In key win, AbbVie lands FDA approval for Allergan's blurred-vision eye drop
AbbVie’s age-related blurry vision drug for aging adults was given the OK by the FDA Friday, making it the first eye drop to treat an eye condition that affects 128 million Americans.
Formerly AGN-190584, the drug has proven a bright spot in Allergan’s pipeline since AbbVie bought it out for $63 billion, which has seen more setbacks than wins.
The daily prescription eye drop is approved to treat presbyopia. Vuity is a formulation of pilocarpine, a well-known drug for intraocular pressure and various types of glaucoma, among other uses. Allergan had deployed a different delivery method that promised to make the drug better tolerated.
“We are proud to offer Vuity as a first-of-its-kind once-daily eye drop that we believe will change the way people and their eye doctors approach presbyopia. The FDA approval of Vuity exemplifies our continued pursuit of innovative new treatments that push the boundaries of what’s possible in eye care,” said Michael Severino, president of AbbVie.
The approval means that the targeted timeline has been met, as AbbVie aimed for an approval before New Year’s. In July, the company offered a close-up of its data. The Phase III study dubbed Gemini I offered proof that the eyedrops deliver fast though transient improvements in reading ability, with a statistically significant group of patients adding three lines or more when viewing a reading chart.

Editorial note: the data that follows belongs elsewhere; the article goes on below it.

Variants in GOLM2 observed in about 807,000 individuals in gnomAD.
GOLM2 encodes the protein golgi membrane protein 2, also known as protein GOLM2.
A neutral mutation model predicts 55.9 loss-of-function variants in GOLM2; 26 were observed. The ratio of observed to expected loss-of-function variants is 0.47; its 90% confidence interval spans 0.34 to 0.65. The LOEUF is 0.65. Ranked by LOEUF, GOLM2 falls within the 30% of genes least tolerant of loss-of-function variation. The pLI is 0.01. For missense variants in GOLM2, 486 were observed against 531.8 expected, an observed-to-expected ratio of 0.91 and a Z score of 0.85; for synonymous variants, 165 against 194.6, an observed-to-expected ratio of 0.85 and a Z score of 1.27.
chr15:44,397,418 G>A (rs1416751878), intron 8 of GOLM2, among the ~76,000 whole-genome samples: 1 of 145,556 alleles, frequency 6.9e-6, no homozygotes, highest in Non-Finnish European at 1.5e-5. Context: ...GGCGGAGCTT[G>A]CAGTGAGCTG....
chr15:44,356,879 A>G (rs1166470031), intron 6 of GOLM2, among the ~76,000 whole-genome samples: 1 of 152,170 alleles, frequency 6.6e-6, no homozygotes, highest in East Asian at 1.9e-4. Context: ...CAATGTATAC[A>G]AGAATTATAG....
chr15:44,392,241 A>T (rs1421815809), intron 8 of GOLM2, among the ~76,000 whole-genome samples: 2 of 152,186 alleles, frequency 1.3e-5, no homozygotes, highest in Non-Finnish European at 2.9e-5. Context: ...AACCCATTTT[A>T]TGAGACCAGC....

More data showed that 75% of participants achieved at least a two-line improvement, and 90% of participants achieved 20/40 vision. Often, adults cope with blurred vision that comes along with aging by using reading glasses or increasing font size on screens and the lighting in rooms. Vuity is seen as an alternative to those and surgical options.
The program was originally part of Allergan’s pipeline until it was acquired by Abbvie in a $63 billion buyout. That deal was largely centered around the $16 billion Botox franchise, and the company has slowly ended other R&D projects over time.
In two Phase III studies, Gemini 1 and Gemini 2, 750 participants between the ages of 40 and 65 were instructed to administer one drop of Vuity or a placebo into their eyes once a day. No serious side effects were reported.
“As we age, the lenses of our eyes become less flexible, making it more difficult to focus on things up close. VUITY offers a novel, safe, well-tolerated and effective alternative to current options for managing age-related blurry near vision,” George Waring IV, the medical director at the Waring Vision Institute and principal study investigator, said in a press release. “I am particularly encouraged by the rapid onset of action and duration of efficacy for VUITY to improve near and intermediate vision without impacting distance vision with one drop daily, particularly for those with mild to moderate presbyopia.”